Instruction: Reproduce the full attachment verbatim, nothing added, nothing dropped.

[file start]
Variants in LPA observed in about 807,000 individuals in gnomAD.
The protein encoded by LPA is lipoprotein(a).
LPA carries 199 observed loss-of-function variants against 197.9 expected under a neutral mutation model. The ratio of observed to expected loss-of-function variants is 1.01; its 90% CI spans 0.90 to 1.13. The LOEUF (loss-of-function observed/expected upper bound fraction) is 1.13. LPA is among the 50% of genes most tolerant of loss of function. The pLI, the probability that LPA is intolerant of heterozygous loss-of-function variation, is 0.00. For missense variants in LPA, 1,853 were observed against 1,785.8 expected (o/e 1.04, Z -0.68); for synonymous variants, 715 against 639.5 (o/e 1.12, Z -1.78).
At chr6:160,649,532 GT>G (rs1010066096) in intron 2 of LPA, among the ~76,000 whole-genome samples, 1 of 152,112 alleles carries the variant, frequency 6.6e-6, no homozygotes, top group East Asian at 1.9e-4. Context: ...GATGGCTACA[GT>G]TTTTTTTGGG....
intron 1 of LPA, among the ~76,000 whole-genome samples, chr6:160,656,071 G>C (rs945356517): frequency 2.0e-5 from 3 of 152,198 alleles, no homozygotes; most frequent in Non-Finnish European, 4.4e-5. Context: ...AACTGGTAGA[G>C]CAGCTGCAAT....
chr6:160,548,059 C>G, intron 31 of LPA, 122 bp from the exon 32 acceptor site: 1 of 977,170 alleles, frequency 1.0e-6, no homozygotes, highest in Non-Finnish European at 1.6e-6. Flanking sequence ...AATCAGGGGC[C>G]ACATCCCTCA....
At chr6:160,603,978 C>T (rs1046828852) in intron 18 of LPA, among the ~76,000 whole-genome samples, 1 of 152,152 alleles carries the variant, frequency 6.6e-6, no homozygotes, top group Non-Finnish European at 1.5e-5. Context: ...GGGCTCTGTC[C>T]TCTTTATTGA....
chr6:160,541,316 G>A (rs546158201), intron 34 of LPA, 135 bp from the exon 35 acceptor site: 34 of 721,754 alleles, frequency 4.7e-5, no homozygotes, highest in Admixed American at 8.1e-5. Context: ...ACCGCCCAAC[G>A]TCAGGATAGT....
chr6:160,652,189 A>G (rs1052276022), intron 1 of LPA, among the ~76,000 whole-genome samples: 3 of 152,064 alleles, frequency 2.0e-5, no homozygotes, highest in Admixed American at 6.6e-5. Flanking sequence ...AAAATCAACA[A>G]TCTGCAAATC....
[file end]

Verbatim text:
Variants in LPA observed in about 807,000 individuals in gnomAD.
The protein encoded by LPA is lipoprotein(a).
LPA carries 199 observed loss-of-function variants against 197.9 expected under a neutral mutation model. The ratio of observed to expected loss-of-function variants is 1.01; its 90% CI spans 0.90 to 1.13. The LOEUF (loss-of-function observed/expected upper bound fraction) is 1.13. LPA is among the 50% of genes most tolerant of loss of function. The pLI, the probability that LPA is intolerant of heterozygous loss-of-function variation, is 0.00. For missense variants in LPA, 1,853 were observed against 1,785.8 expected (o/e 1.04, Z -0.68); for synonymous variants, 715 against 639.5 (o/e 1.12, Z -1.78).
At chr6:160,649,532 GT>G (rs1010066096) in intron 2 of LPA, among the ~76,000 whole-genome samples, 1 of 152,112 alleles carries the variant, frequency 6.6e-6, no homozygotes, top group East Asian at 1.9e-4. Context: ...GATGGCTACA[GT>G]TTTTTTTGGG....
intron 1 of LPA, among the ~76,000 whole-genome samples, chr6:160,656,071 G>C (rs945356517): frequency 2.0e-5 from 3 of 152,198 alleles, no homozygotes; most frequent in Non-Finnish European, 4.4e-5. Context: ...AACTGGTAGA[G>C]CAGCTGCAAT....
chr6:160,548,059 C>G, intron 31 of LPA, 122 bp from the exon 32 acceptor site: 1 of 977,170 alleles, frequency 1.0e-6, no homozygotes, highest in Non-Finnish European at 1.6e-6. Flanking sequence ...AATCAGGGGC[C>G]ACATCCCTCA....
At chr6:160,603,978 C>T (rs1046828852) in intron 18 of LPA, among the ~76,000 whole-genome samples, 1 of 152,152 alleles carries the variant, frequency 6.6e-6, no homozygotes, top group Non-Finnish European at 1.5e-5. Context: ...GGGCTCTGTC[C>T]TCTTTATTGA....
chr6:160,541,316 G>A (rs546158201), intron 34 of LPA, 135 bp from the exon 35 acceptor site: 34 of 721,754 alleles, frequency 4.7e-5, no homozygotes, highest in Admixed American at 8.1e-5. Context: ...ACCGCCCAAC[G>A]TCAGGATAGT....
chr6:160,652,189 A>G (rs1052276022), intron 1 of LPA, among the ~76,000 whole-genome samples: 3 of 152,064 alleles, frequency 2.0e-5, no homozygotes, highest in Admixed American at 6.6e-5. Flanking sequence ...AAAATCAACA[A>G]TCTGCAAATC....